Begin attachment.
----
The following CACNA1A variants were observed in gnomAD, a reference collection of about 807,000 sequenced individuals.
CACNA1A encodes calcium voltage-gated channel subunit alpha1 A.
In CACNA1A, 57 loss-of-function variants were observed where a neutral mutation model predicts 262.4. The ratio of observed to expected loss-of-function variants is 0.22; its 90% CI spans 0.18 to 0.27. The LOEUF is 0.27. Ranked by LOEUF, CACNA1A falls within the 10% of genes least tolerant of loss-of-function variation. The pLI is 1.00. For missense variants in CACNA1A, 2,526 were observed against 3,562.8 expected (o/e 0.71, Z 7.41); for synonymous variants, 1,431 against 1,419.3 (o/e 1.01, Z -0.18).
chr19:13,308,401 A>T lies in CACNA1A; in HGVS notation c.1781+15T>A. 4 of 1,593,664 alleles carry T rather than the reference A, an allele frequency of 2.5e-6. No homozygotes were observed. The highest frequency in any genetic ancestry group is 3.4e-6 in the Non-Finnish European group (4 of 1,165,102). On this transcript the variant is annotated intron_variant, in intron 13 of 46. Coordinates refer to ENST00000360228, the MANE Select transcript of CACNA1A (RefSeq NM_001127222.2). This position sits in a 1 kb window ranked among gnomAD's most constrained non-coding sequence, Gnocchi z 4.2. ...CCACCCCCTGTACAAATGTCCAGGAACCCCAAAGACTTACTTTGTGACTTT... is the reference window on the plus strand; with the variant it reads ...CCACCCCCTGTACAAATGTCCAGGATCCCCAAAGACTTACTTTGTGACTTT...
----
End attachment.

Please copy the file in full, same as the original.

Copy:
The following CACNA1A variants were observed in gnomAD, a reference collection of about 807,000 sequenced individuals.
CACNA1A encodes calcium voltage-gated channel subunit alpha1 A.
In CACNA1A, 57 loss-of-function variants were observed where a neutral mutation model predicts 262.4. The ratio of observed to expected loss-of-function variants is 0.22; its 90% CI spans 0.18 to 0.27. The LOEUF is 0.27. Ranked by LOEUF, CACNA1A falls within the 10% of genes least tolerant of loss-of-function variation. The pLI is 1.00. For missense variants in CACNA1A, 2,526 were observed against 3,562.8 expected (o/e 0.71, Z 7.41); for synonymous variants, 1,431 against 1,419.3 (o/e 1.01, Z -0.18).
chr19:13,308,401 A>T lies in CACNA1A; in HGVS notation c.1781+15T>A. 4 of 1,593,664 alleles carry T rather than the reference A, an allele frequency of 2.5e-6. No homozygotes were observed. The highest frequency in any genetic ancestry group is 3.4e-6 in the Non-Finnish European group (4 of 1,165,102). On this transcript the variant is annotated intron_variant, in intron 13 of 46. Coordinates refer to ENST00000360228, the MANE Select transcript of CACNA1A (RefSeq NM_001127222.2). This position sits in a 1 kb window ranked among gnomAD's most constrained non-coding sequence, Gnocchi z 4.2. ...CCACCCCCTGTACAAATGTCCAGGAACCCCAAAGACTTACTTTGTGACTTT... is the reference window on the plus strand; with the variant it reads ...CCACCCCCTGTACAAATGTCCAGGATCCCCAAAGACTTACTTTGTGACTTT...